PAnews.com, Port Arthur, Texas

March 15, 2012

‘999 Words’ too many

Sean McBride
The Port Arthur News

— Eddie Murphy’s latest comedy, “1000 Words,” should have been called “One Word,” and that word should have been “No.”

This early candidate for worst film of the year features a confusing premise and absolutely no jokes worth remembering. What’s worse, “1000 Words” forces the famous funnyman to stop talking and deliver his performance through physical humor and lots of mugging for the camera. If Murphy has a comedic strength, it’s his verbal patter. Take that away and you’ve taken away the only plausible reason to want to see this film.

Murphy starts out as a fast-talking literary agent named Jack. He’s so good at his job that he doesn’t even read the manuscripts that he’s trying to sell. His life changes when he meets a new age guru (Cliff Curtis) whose upcoming book seems like a surefire best-seller. For some reason, this meeting catches the attention of the mystical forces of the universe, and they decide to teach Jack a life lesson. A magical Bodhi tree suddenly springs up in his yard. The tree drops one leaf for every word Jack speaks. When there are no more leafs, the man who made his living with words will simply die.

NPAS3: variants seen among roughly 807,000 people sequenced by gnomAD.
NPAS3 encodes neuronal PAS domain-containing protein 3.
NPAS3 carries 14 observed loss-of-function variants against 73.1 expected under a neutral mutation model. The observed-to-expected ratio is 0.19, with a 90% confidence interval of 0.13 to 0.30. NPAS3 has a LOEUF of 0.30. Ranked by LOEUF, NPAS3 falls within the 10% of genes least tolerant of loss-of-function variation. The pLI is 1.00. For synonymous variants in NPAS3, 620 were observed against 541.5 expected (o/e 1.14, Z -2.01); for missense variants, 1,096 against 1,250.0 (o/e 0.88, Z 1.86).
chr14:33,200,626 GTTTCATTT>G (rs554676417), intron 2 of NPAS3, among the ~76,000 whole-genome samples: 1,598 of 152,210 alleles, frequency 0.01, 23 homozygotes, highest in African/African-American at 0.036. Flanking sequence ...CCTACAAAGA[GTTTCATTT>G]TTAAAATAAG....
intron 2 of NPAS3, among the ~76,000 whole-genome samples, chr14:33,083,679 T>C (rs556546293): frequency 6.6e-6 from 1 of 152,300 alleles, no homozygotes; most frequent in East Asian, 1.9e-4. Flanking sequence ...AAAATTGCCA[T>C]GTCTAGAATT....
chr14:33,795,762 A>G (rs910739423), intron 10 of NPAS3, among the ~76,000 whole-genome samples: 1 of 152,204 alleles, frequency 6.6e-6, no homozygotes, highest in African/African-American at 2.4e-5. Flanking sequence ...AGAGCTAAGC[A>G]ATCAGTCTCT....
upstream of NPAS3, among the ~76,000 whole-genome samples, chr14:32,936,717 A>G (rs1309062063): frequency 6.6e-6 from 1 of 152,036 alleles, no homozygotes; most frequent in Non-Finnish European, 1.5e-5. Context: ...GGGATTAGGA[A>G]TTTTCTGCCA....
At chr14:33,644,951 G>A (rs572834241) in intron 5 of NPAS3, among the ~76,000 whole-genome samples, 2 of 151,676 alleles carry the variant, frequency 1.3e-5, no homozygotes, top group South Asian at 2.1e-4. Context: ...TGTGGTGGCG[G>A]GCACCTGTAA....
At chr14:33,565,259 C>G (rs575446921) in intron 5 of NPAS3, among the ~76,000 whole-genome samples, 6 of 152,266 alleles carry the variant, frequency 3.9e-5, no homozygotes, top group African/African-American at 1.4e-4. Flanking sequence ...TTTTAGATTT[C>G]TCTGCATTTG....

Nothing’s funnier than basing a movie on a death threat.

“1000 Words” is a cinematic cousin to “Liar, Liar,” another film where the universe decides to teach a man a lesson about the proper way to live his life. The difference is that Jim Carrey is known for his physical humor, whereas Murphy is not. There are moments in this film where Murphy is mugging so badly that it’s embarrassing to anyone who isn’t an infant.

The film does have good intentions, and a subplot involving Alzheimer’s disease is quite touching. Clark Duke also has some funny moments, playing Jack’s well-meaning assistant. That means that audiences looking for that latest Clark Duke Alzheimer’s comedy might enjoy this film, but Eddie Murphy’s fans will still be disappointed.

I suppose that we should have seen this coming. The film is from the director of “Norbit” and the writer of “Jack and Jill”—not exactly a stellar pedigree for a star in desperate need of a career comeback. If you’re looking for more proof that this film is a bomb, note that it was produced four years ago and has been sitting on the shelf ever since. “On the Shelf” is where “1000 Words” should have stayed. If anybody suggests that you should see this film, stick with that one word. Just say “No.”

Movie reviews by Sean, “The Movie Guy,” are published bi-weekly in “The Port Arthur News” and seen weekly on KFDM-TV and KBOI 2-TV. Sean welcomes your comments via email at smcbride@kboi2.com.